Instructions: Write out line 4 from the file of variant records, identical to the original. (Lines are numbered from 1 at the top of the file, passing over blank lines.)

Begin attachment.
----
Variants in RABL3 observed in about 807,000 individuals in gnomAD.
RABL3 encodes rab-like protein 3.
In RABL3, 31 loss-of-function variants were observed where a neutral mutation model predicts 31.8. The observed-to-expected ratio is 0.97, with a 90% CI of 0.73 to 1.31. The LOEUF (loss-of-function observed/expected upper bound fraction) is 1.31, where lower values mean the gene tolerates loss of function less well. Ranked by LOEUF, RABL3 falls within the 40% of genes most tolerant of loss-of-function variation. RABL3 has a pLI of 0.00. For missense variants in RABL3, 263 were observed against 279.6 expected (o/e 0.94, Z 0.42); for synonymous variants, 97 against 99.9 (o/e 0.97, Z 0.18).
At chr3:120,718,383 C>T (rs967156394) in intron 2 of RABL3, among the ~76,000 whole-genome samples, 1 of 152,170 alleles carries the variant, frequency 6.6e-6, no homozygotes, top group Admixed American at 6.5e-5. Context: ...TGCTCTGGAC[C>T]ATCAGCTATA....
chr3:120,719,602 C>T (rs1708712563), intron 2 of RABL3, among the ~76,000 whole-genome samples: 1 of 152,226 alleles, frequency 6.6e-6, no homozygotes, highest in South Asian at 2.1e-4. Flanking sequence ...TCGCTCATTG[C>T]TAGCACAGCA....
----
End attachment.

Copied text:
At chr3:120,718,383 C>T (rs967156394) in intron 2 of RABL3, among the ~76,000 whole-genome samples, 1 of 152,170 alleles carries the variant, frequency 6.6e-6, no homozygotes, top group Admixed American at 6.5e-5. Context: ...TGCTCTGGAC[C>T]ATCAGCTATA....